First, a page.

Summary

Birth:
Higginsville MO 1
Death:
24 Jul 2011 2
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Also known as:
Skip Thomas 1
Full Name:
Alonzo Thomas 2
Birth:
Male 1
Birth:
Higginsville MO 1
Male 1
Birth:
07 Feb 1950 2
Death:
24 Jul 2011 2
Residence:
Last Residence: Kansas City, KS 2
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Birth:
Mother: Barbara Thomas 1
Father: Alonzo Thomas 1
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Social Security:
Card Issued: Kansas 2

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Obit

 

Visitation will be held Saturday, July 30, 2011 from 9-11:00 A.M. at Eighth Street Baptist Church, 1420 North 8th Street, Kansas City, Kansas

Religious Service will follow at 11:00 A.M. at the Church.

Interment: Highland Park Cemetery, Kansas City, Kansas

 

 

 

Alonzo (Skip) Thomas, III was born the first child to Barbara A. and Alonzo Thomas, Jr. on February 7, 1950 in Higginsville, Missouri.  He grew up in Kansas City, Kansas and graduated from Wyandotte High School where he excelled in football and basketball.   Skip was awarded a scholarship to play football at Arizona Western Junior College, and then transferred to the University of Southern California where he was drafted by the Oakland Raiders to play professional football. 

 

To his teammates as well as his fans he was affectionately referred to as “Dr. Death” due to his fierce tackling technique.  His career with the Raiders spanned from 1972-1977.  He wore #26, and was the starting Corner Back for most of his career in a defensive backfield that featured Willie Brown, and George Atkinson and Jack Tatum as safeties.  All together they were known as the “Soul Patrol”.  His career was highlighted by a strong performance in the Super Bowl victory over Minnesota during Super Bowl XI (1977).

 

After his professional football career ended, he worked diligently as a jailer for Wyandotte County several years, as well as for Weaver’s A-OK exterminators until his health began to fail.

 

He met and married Harriet Sims.  From this union one son, Brandon was born.

 

Alonzo accepted Christ at an early age and joined Eighth Street Baptist Church where he attended Sunday Church School.

 

Alonzo “Skip” Thomas, III departed this life on Sunday morning July 24, 2011.  He was preceded in death by his maternal grandparents Thomas and Bertha Benton as well as paternal grandparents, Alonzo and Safronia  Thomas, niece, Nikia Smith; uncle, Clyde Benton and aunts, Marie Turner, Lucy Webb and Niva Conley.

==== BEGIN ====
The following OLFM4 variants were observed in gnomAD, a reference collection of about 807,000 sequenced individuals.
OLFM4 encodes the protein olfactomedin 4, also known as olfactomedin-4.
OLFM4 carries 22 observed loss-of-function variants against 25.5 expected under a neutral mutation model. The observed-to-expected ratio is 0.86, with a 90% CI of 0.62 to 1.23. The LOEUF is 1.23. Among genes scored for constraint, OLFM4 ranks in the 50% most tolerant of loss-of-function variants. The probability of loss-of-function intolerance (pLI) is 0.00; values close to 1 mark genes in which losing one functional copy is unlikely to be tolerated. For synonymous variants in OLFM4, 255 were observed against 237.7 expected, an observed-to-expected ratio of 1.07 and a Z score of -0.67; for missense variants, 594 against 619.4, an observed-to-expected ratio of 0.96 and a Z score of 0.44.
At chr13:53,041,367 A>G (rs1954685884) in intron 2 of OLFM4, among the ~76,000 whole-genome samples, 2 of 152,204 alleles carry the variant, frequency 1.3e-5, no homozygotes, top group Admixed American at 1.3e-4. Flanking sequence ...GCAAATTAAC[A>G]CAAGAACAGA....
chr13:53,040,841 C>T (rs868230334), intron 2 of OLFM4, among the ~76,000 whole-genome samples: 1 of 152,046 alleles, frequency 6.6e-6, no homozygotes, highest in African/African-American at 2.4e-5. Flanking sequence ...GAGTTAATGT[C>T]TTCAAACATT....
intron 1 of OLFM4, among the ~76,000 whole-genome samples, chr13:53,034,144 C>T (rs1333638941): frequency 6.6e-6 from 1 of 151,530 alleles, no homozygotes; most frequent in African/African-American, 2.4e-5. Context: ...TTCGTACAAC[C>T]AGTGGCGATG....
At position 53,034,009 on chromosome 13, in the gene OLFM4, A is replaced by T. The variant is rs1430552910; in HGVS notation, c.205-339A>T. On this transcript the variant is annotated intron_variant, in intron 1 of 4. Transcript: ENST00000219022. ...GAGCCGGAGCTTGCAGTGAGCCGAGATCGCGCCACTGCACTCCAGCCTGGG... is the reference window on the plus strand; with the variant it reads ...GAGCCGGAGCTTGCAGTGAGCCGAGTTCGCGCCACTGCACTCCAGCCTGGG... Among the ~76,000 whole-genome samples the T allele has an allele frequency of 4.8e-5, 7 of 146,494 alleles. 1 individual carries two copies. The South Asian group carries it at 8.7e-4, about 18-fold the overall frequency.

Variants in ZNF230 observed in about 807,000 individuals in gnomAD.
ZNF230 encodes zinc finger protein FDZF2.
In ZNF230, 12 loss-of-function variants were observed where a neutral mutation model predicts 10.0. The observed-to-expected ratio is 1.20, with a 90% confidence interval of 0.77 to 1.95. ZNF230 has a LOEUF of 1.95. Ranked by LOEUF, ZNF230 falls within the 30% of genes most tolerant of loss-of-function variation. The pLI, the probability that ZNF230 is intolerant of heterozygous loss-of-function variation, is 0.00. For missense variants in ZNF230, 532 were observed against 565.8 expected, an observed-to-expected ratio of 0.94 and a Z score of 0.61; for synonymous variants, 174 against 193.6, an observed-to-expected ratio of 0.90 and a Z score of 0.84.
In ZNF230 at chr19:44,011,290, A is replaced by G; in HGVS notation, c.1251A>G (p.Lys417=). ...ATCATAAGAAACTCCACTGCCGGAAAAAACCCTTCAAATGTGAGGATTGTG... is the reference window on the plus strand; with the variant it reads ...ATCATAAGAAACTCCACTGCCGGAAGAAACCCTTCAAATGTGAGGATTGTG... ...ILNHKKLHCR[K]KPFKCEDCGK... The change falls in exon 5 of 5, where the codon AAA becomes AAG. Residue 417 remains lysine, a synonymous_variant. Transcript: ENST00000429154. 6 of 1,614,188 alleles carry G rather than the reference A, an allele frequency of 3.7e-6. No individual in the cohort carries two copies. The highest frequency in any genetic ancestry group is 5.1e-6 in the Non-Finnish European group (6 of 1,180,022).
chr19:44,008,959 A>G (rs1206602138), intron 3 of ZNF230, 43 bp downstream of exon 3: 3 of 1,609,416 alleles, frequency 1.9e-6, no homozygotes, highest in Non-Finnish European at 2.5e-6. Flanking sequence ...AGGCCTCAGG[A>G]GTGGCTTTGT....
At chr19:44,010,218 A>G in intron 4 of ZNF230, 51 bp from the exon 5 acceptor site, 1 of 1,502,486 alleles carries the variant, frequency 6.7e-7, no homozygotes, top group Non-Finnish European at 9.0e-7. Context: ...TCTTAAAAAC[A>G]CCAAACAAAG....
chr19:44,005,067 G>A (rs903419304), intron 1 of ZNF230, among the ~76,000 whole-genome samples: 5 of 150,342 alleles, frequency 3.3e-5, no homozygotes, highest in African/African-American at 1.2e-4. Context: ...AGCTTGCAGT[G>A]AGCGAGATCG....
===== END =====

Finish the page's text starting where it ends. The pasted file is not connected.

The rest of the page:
He leaves to cherish his memory, a daughter, Denise of New York, his sons; Alonzo Thomas, IV of Las Vegas, Nevada ; Brandon Thomas of Kansas City, Kansas; Teigh Thomas and Jordan Thomas of Kansas City, Missouri; and Andujuar A. Davis of Kansas City, Kansas.  He also leaves his mother Barbara A. Thomas; his father Alonzo Thomas, Jr.; seven grandchildren, his sister, Janice S. Smith (John D) of Kansas City, Kansas; his brothers, Spencer (Tina) of Atlanta, Georgia; Frederick (Rita) of Kansas City, Kansas; and Christopher (Robyn) of Parkville, Missouri; a special mother figure to him, Larue Heath of Yuma, Arizona .  As well as a host of nieces, nephews, aunts, uncles, and other relatives and friends.  

Former Raiders defensive back Alonzo 'Skip' Thomas dies at age 61

  Former Raiders cornerback Alonzo "Skip" Thomas, one of the more colorful members of the club's first Super Bowl championship team, died in Kansas on Sunday of an apparent heart attack.

Thomas, a seventh-round draft pick out of USC in 1972, played six NFL seasons, all with the Raiders, and was on the 1976 team that beat Minnesota in Super Bowl XI.

His death at age 61 comes just three days shy of the one-year anniversary of the death of former teammate and close friend Jack Tatum.

"We are saddened by the passing of Alonzo 'Skip' Thomas," the club said in a statement. "He proudly wore the Silver and Black from 1972-78. Our thoughts and prayers go out to his family. He was a true warrior, a great Raider, and will be sorely missed."


Thomas started in the defensive backfield along with Tatum, cornerback Willie Brown and strong safety George Atkinson in a defensive backfield dubbed the "Soul Patrol."


Thomas was an imposing physical specimen who loved to play the intimidator, nicknaming himself "Dr. Death."


"I was going over it in my mind looking at a picture with the four of us in it, and there are only two of us left now," Atkinson said. "There's a void there."


Thomas had been in failing health in recent years and needed assistance to get around when attending Tatum's funeral a year ago, according to Raiders administrator and former teammate Morris Bradshaw.


"He was one of a kind. He was different, but he had a very big heart," Bradshaw said. "He may not have always said the right thing at the right time, but there was never any malice in his behavior."


Brown remembers Thomas as an exceptional athlete who was fearless regardless of the caliber of opposition.


"He probably never got the credit due him because of the secondary we had," Brown said. "He was a great basketball player in high school, and everything seemed to come naturally to him."

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